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5 Things Women Can Do To Become Better Leaders While Being True To Themselves

Posted on March 07 2019

5 Things Women Can Do To Become Better Leaders While Being True To Themselves

Women face a lot of problems in business. Whether it's in a subordinate or managerial position, they've got the deck stacked against them, from how people expect them to act to outright misogyny. However, they still need to command respect, whether they're running their own business or managing a small team.

The problem is in how they're perceived. Bossy women are treated with hostility, more so than bossy men. It's an unfortunate fact, and one that smart women will work around if they want to succeed.

1. Process-Oriented Improvement

Leadership involves setting high standards and inspiring employees to achieve those standards. The problem is, when women set those standards, employees don't always take it well. When trying to improve employee performance, it's best to teach them how to improve themselves. Instead of focusing on their errors, make their mistakes teachable moments.

2. Regular Performance Reviews

Female managers can't afford to constantly pressure employees; it's not good for employee morale. However, male managers can get away with it, while women managers will get push back. Instead, they should schedule regular performance reviews. This is less stressful for both employees and managers, and can help view performance on a macro level instead of on what the manager happened to see that day.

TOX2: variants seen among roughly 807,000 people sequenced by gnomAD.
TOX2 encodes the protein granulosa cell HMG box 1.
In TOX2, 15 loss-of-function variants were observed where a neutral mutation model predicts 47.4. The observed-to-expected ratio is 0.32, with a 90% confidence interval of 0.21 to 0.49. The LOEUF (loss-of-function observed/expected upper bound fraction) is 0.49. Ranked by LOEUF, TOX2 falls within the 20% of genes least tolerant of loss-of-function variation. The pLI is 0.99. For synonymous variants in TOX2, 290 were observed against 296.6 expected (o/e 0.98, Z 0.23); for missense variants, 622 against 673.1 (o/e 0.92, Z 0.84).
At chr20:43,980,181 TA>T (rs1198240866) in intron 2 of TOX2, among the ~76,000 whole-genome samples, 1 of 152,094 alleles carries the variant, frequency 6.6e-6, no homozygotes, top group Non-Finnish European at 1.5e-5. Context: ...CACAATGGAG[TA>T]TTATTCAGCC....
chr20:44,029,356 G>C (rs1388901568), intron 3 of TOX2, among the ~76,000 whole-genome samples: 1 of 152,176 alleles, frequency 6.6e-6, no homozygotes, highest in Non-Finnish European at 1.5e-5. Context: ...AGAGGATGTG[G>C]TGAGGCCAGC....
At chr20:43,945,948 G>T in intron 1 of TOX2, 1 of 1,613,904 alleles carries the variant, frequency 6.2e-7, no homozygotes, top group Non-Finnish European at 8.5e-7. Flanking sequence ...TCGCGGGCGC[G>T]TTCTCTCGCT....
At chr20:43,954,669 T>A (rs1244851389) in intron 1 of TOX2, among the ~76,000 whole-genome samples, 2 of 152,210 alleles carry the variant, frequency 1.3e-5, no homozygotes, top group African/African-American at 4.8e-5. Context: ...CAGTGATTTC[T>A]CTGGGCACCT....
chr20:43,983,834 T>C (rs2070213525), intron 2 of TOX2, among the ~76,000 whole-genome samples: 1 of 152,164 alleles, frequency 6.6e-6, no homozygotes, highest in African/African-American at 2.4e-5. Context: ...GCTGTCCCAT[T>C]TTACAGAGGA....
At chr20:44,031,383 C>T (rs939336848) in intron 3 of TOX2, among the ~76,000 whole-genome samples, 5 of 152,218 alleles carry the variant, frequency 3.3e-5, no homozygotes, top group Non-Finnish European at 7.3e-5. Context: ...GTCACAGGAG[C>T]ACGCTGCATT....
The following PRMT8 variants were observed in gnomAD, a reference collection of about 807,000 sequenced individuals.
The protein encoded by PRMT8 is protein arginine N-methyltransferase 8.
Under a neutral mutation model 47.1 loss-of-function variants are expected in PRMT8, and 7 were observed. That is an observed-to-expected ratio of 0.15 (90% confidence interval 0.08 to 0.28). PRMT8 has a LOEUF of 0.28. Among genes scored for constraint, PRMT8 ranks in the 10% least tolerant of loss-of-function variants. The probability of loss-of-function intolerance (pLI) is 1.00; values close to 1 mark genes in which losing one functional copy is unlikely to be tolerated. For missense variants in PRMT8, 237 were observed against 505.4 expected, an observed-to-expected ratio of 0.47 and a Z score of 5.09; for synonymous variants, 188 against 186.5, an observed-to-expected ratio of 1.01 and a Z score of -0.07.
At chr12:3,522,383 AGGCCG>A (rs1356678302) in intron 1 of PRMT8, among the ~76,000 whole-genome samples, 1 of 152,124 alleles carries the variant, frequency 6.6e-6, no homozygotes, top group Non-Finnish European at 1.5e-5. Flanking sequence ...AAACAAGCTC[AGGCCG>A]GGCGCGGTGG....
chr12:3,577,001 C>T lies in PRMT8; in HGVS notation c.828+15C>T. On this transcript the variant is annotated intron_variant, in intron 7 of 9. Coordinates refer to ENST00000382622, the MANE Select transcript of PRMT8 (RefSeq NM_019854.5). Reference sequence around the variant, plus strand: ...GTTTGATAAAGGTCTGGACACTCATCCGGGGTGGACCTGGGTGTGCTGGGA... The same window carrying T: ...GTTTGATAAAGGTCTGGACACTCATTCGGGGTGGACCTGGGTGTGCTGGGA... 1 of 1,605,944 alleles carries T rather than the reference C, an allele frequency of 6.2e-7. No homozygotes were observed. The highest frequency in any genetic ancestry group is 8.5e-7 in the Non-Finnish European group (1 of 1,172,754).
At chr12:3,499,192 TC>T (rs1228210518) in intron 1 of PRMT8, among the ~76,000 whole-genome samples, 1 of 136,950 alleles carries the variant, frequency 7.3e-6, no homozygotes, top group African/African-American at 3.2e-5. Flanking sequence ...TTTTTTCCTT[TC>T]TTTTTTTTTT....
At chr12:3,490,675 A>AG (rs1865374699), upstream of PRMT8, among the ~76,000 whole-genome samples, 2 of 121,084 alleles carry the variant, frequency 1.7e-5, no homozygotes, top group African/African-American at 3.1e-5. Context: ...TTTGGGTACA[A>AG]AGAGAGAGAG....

3. Be Real

Due to how they may be perceived in the workplace, female managers commonly adopt a colder and overly formal personality. They may feel that if they show any feminine characteristics, they'll be defined and judged for their gender instead of their performance and skill. However, a cold attitude isn't going to handle sexism, and it's easy to go too far and end up alienating employees.

Women in management positions should feel free to be themselves. Instead of giving everyone the cold shoulder, be what you're supposed to be: a dependable and trustworthy leader. You must focus on doing your job well, not on how you're perceived or on dissuading misogynists.

4. Collaborate Whenever Possible

Nobody likes a dictatorship, but women are especially vulnerable to being called bossy. Even a simple directive can make them seem overly controlling. It's not fair, but it's what women in positions of power must contend overcome. 

A good way to work around this hurdle is by collaborating with employees; instead of dictating an action plan, help them form one. Including them in the conversation makes them view the issue more objectively and feel more invested in the eventual solution. Talk to them about their long-term goals and help them put together plans to achieve those goals.

5. Working in the Trenches

Leaders are sometimes required to step into the trenches themselves to get things done. Unfortunately, this can make employees feel undervalued and untrusted, which can affect their performance. What women need to keep in mind is how they choose when to intervene. They should only intervene because it's the best option for the company, not because they feel they can do the job better.

This is the difference between taking over some light accounting and intervening during a client meeting. The former shows a lack of trust in the employee, while the latter can define the company's future. Managers should also focus on encouraging employees to become more self-reliant and to rely less on their bosses.

Women in a position of authority face a double-edged sword. They may have the power, but they also might face opposition because of their gender. It's unfair, but until things change, they'll have to adapt if they want to survive and succeed.